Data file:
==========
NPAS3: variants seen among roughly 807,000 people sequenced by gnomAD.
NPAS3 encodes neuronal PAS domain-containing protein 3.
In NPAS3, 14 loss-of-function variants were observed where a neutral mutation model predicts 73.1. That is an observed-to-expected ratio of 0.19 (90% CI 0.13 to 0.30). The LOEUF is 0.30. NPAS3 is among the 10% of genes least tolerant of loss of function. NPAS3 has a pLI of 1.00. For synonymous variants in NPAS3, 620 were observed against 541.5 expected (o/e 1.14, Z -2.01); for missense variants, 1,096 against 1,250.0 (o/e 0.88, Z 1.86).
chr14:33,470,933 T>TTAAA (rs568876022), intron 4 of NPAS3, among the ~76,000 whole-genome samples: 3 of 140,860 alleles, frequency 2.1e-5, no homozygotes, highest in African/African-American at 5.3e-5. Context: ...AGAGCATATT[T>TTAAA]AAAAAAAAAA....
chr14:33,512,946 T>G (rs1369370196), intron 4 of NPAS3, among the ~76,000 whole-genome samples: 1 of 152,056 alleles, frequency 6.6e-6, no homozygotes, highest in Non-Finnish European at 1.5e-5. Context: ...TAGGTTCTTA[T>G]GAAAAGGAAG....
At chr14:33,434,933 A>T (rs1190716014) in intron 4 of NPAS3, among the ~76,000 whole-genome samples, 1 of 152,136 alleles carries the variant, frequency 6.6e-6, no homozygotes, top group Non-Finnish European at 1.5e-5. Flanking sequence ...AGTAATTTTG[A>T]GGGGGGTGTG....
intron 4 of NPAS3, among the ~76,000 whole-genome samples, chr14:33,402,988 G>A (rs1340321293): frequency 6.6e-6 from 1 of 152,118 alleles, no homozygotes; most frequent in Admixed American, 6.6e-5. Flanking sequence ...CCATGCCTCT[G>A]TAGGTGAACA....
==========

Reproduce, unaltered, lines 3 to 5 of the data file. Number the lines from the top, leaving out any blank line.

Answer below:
In NPAS3, 14 loss-of-function variants were observed where a neutral mutation model predicts 73.1. That is an observed-to-expected ratio of 0.19 (90% CI 0.13 to 0.30). The LOEUF is 0.30. NPAS3 is among the 10% of genes least tolerant of loss of function. NPAS3 has a pLI of 1.00. For synonymous variants in NPAS3, 620 were observed against 541.5 expected (o/e 1.14, Z -2.01); for missense variants, 1,096 against 1,250.0 (o/e 0.88, Z 1.86).
chr14:33,470,933 T>TTAAA (rs568876022), intron 4 of NPAS3, among the ~76,000 whole-genome samples: 3 of 140,860 alleles, frequency 2.1e-5, no homozygotes, highest in African/African-American at 5.3e-5. Context: ...AGAGCATATT[T>TTAAA]AAAAAAAAAA....
chr14:33,512,946 T>G (rs1369370196), intron 4 of NPAS3, among the ~76,000 whole-genome samples: 1 of 152,056 alleles, frequency 6.6e-6, no homozygotes, highest in Non-Finnish European at 1.5e-5. Context: ...TAGGTTCTTA[T>G]GAAAAGGAAG....